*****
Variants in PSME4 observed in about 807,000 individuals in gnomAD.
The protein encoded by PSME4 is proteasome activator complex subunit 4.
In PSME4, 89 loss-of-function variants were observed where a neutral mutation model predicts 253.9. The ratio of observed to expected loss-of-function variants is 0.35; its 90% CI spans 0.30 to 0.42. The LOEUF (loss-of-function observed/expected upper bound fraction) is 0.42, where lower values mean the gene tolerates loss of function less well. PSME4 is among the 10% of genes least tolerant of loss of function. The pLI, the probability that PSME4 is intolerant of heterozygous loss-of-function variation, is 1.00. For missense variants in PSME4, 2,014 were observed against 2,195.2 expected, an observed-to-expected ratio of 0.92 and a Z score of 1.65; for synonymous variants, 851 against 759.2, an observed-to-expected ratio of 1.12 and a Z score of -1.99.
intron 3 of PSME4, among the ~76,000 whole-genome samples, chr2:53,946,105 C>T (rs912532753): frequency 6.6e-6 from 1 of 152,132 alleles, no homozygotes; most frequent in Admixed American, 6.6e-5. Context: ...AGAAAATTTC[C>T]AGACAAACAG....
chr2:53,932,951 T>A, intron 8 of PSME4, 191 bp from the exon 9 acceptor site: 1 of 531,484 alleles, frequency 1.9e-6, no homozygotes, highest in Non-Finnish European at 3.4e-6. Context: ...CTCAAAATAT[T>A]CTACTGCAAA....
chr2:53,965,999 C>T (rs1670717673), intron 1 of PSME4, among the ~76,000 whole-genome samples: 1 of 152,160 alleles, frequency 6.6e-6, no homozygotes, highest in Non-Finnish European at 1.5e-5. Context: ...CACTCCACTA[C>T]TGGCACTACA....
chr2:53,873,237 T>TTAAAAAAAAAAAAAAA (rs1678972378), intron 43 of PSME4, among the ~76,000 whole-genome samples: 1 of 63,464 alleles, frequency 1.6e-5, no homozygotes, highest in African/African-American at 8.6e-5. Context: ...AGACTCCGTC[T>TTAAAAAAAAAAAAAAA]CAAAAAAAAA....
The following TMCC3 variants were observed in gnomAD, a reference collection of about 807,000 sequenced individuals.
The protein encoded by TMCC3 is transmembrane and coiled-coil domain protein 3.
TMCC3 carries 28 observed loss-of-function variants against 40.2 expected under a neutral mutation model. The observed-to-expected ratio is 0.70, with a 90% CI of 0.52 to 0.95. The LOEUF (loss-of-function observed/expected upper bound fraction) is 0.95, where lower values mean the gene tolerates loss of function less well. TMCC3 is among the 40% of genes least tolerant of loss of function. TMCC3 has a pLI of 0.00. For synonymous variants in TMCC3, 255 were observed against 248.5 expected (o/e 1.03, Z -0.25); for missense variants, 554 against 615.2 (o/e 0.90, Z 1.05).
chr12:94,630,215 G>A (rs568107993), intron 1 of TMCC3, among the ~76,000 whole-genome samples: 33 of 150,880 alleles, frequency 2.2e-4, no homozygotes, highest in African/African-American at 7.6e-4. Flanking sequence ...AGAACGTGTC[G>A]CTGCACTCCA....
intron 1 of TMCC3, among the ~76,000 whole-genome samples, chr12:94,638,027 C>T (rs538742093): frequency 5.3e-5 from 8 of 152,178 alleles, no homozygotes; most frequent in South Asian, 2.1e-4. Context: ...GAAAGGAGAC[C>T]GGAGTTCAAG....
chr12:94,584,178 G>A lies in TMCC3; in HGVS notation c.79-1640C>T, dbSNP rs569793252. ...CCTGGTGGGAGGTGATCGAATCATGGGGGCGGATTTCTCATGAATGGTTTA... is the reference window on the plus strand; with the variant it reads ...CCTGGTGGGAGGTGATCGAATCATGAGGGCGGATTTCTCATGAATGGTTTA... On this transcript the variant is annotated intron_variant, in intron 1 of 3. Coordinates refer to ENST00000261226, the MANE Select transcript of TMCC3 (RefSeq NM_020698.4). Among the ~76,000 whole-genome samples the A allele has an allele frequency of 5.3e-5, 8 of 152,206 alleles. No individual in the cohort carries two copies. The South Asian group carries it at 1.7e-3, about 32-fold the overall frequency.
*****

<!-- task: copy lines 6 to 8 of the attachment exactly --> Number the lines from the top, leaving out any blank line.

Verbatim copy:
chr2:53,965,999 C>T (rs1670717673), intron 1 of PSME4, among the ~76,000 whole-genome samples: 1 of 152,160 alleles, frequency 6.6e-6, no homozygotes, highest in Non-Finnish European at 1.5e-5. Context: ...CACTCCACTA[C>T]TGGCACTACA....
chr2:53,873,237 T>TTAAAAAAAAAAAAAAA (rs1678972378), intron 43 of PSME4, among the ~76,000 whole-genome samples: 1 of 63,464 alleles, frequency 1.6e-5, no homozygotes, highest in African/African-American at 8.6e-5. Context: ...AGACTCCGTC[T>TTAAAAAAAAAAAAAAA]CAAAAAAAAA....
The following TMCC3 variants were observed in gnomAD, a reference collection of about 807,000 sequenced individuals.